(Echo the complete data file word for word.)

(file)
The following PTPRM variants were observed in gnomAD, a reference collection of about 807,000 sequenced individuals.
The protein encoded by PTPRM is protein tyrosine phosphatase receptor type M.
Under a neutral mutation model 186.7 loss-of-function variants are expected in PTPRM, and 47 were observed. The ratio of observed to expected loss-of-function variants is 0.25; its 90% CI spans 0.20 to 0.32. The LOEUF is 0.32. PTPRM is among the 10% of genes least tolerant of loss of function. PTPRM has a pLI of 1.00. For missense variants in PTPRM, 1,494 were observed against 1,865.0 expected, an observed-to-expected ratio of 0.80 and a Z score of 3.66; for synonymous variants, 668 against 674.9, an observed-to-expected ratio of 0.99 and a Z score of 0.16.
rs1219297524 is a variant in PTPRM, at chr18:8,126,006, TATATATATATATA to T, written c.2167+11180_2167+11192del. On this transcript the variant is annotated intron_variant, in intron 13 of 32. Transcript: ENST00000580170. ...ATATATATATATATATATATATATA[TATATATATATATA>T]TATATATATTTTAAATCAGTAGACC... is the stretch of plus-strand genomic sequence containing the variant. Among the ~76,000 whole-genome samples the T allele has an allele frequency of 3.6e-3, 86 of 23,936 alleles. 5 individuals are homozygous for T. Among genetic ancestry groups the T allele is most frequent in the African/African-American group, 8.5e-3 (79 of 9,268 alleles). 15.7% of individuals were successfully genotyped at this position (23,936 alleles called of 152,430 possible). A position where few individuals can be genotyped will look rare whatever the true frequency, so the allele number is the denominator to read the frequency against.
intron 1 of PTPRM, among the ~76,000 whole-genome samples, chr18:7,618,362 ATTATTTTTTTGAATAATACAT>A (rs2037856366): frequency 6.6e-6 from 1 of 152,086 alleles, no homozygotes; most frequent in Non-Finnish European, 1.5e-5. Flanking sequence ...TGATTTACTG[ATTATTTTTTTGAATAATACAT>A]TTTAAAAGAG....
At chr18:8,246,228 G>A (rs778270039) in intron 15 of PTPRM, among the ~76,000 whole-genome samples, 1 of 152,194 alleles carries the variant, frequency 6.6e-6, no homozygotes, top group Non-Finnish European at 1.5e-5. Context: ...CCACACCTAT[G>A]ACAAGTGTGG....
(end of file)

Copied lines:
The following PTPRM variants were observed in gnomAD, a reference collection of about 807,000 sequenced individuals.
The protein encoded by PTPRM is protein tyrosine phosphatase receptor type M.
Under a neutral mutation model 186.7 loss-of-function variants are expected in PTPRM, and 47 were observed. The ratio of observed to expected loss-of-function variants is 0.25; its 90% CI spans 0.20 to 0.32. The LOEUF is 0.32. PTPRM is among the 10% of genes least tolerant of loss of function. PTPRM has a pLI of 1.00. For missense variants in PTPRM, 1,494 were observed against 1,865.0 expected, an observed-to-expected ratio of 0.80 and a Z score of 3.66; for synonymous variants, 668 against 674.9, an observed-to-expected ratio of 0.99 and a Z score of 0.16.
rs1219297524 is a variant in PTPRM, at chr18:8,126,006, TATATATATATATA to T, written c.2167+11180_2167+11192del. On this transcript the variant is annotated intron_variant, in intron 13 of 32. Transcript: ENST00000580170. ...ATATATATATATATATATATATATA[TATATATATATATA>T]TATATATATTTTAAATCAGTAGACC... is the stretch of plus-strand genomic sequence containing the variant. Among the ~76,000 whole-genome samples the T allele has an allele frequency of 3.6e-3, 86 of 23,936 alleles. 5 individuals are homozygous for T. Among genetic ancestry groups the T allele is most frequent in the African/African-American group, 8.5e-3 (79 of 9,268 alleles). 15.7% of individuals were successfully genotyped at this position (23,936 alleles called of 152,430 possible). A position where few individuals can be genotyped will look rare whatever the true frequency, so the allele number is the denominator to read the frequency against.
intron 1 of PTPRM, among the ~76,000 whole-genome samples, chr18:7,618,362 ATTATTTTTTTGAATAATACAT>A (rs2037856366): frequency 6.6e-6 from 1 of 152,086 alleles, no homozygotes; most frequent in Non-Finnish European, 1.5e-5. Flanking sequence ...TGATTTACTG[ATTATTTTTTTGAATAATACAT>A]TTTAAAAGAG....
At chr18:8,246,228 G>A (rs778270039) in intron 15 of PTPRM, among the ~76,000 whole-genome samples, 1 of 152,194 alleles carries the variant, frequency 6.6e-6, no homozygotes, top group Non-Finnish European at 1.5e-5. Context: ...CCACACCTAT[G>A]ACAAGTGTGG....